There’s a lot of talk about this these days, and for good reason. I’m looking now at focusing on the fundamentals. One of the single most important of the good business fundamentals is planning, particularly the kind of planning that includes careful review of plan vs. actual results, and course corrections. I call that steering.
- Watch your burn rate. That’s your spending. Add up your operating expenses (rent, payroll, marketing expenses, and so on) and subtract the extra spending you don’t need to do.
- Watch your gross margin: That’s sales less direct costs. While your percent of gross margin is an important measure of profitability, it’s the actual amount of gross margin that you’re watching now.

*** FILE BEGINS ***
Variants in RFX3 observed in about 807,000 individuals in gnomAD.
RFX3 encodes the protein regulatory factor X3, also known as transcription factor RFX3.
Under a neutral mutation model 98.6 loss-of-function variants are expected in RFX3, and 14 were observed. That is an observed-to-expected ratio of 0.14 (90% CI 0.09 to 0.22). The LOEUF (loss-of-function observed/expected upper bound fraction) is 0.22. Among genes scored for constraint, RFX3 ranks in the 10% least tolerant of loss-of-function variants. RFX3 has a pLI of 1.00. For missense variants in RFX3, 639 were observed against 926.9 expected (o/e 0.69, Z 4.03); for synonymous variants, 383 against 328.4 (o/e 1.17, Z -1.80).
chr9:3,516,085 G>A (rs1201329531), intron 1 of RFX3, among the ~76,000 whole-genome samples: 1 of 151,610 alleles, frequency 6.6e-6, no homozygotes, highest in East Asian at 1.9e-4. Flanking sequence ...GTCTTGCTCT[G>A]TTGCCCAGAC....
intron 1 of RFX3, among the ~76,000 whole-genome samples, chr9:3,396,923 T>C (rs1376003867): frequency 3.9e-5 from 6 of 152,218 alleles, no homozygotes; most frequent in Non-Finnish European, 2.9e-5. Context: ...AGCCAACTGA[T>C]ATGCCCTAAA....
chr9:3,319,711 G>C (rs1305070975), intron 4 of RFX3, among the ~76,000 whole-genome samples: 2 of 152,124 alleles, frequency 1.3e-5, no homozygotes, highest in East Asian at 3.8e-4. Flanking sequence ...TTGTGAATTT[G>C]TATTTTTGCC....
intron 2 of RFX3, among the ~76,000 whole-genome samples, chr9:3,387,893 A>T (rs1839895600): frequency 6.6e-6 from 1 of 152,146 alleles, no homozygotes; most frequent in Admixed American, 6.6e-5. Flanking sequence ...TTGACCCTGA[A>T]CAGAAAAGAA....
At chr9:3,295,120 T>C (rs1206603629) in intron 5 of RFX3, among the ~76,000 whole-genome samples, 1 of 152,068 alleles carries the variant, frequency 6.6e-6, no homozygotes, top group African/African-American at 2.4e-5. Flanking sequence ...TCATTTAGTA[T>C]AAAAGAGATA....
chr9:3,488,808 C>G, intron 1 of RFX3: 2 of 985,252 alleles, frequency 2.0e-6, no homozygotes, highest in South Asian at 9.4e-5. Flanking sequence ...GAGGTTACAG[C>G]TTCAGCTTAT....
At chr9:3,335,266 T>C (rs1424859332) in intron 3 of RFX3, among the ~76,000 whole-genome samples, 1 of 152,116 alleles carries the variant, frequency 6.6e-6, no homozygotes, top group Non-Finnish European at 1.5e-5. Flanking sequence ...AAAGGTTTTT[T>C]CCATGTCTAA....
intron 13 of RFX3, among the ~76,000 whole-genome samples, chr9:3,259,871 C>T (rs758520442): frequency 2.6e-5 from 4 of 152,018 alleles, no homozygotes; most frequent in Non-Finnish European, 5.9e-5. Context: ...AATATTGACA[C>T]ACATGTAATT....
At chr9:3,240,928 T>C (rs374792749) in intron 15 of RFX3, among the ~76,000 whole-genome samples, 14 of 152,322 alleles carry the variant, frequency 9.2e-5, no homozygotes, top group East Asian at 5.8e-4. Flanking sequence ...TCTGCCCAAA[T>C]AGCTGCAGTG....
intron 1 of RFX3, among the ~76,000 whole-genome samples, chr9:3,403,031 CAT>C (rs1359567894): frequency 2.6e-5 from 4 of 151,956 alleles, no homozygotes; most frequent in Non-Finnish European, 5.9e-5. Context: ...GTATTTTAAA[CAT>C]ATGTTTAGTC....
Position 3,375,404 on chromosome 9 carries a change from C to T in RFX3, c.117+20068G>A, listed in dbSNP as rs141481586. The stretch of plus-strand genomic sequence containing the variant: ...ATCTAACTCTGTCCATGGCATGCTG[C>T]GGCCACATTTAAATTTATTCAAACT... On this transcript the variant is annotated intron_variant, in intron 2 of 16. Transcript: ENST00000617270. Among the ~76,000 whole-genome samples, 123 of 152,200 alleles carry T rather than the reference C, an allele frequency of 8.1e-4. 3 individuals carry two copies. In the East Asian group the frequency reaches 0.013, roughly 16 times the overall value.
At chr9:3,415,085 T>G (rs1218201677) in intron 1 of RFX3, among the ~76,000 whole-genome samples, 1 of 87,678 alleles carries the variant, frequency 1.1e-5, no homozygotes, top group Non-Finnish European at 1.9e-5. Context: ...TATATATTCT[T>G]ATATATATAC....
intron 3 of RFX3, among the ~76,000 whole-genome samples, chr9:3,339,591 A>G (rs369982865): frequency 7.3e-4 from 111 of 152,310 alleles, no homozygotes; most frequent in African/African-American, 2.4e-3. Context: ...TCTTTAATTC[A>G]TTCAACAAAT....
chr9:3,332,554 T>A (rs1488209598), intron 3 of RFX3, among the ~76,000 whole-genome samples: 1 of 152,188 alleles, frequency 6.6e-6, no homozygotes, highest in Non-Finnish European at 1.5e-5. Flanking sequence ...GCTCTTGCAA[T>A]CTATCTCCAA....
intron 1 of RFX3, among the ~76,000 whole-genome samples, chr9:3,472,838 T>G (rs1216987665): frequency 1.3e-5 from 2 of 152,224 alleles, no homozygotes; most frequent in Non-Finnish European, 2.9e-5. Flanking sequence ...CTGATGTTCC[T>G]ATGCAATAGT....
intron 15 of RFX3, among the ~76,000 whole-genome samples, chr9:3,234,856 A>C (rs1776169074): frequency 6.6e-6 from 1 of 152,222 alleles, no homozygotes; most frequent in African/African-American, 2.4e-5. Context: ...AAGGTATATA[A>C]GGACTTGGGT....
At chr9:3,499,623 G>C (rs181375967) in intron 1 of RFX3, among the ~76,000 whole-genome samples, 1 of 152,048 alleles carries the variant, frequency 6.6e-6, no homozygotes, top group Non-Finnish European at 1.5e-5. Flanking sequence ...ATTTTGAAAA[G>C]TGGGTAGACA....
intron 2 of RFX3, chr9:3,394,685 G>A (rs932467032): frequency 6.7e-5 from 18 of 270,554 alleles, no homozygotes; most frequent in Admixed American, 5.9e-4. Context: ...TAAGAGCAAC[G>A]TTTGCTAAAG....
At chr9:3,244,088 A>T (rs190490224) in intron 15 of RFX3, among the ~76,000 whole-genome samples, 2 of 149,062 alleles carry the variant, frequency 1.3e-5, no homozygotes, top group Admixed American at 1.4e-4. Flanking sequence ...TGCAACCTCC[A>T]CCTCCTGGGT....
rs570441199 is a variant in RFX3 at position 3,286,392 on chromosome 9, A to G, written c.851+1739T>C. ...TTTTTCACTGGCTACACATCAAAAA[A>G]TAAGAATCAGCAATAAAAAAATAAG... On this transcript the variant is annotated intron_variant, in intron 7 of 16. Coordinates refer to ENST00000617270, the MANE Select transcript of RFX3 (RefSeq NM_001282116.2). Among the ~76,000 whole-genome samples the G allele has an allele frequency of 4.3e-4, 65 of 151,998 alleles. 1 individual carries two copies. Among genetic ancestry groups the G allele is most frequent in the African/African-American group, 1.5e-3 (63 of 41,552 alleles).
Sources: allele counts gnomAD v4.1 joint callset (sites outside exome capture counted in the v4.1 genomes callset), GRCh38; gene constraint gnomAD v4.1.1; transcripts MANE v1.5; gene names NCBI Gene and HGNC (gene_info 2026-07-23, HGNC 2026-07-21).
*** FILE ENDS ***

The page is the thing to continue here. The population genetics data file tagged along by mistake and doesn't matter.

- Unless you get all your money for sales immediately, or from credit cards, then pay close attention to your accounts receivable. That’s the money customers owe you after you deliver the goods or services and give them an invoice to be paid later. Those usually say 30 days, but, as times get tough, good luck with that. Collection days are a measure of the average wait to get paid. It’s supposed to be 30, but it’s usually about 45, and we can expect it to go up.
- Watch the relationship between burn rate and gross margin. If your gross margin is lower than your burn rate, then you’re in trouble. You’re building deficits. Unless you’re the United States government, that’s dangerous. You are eating up your capital.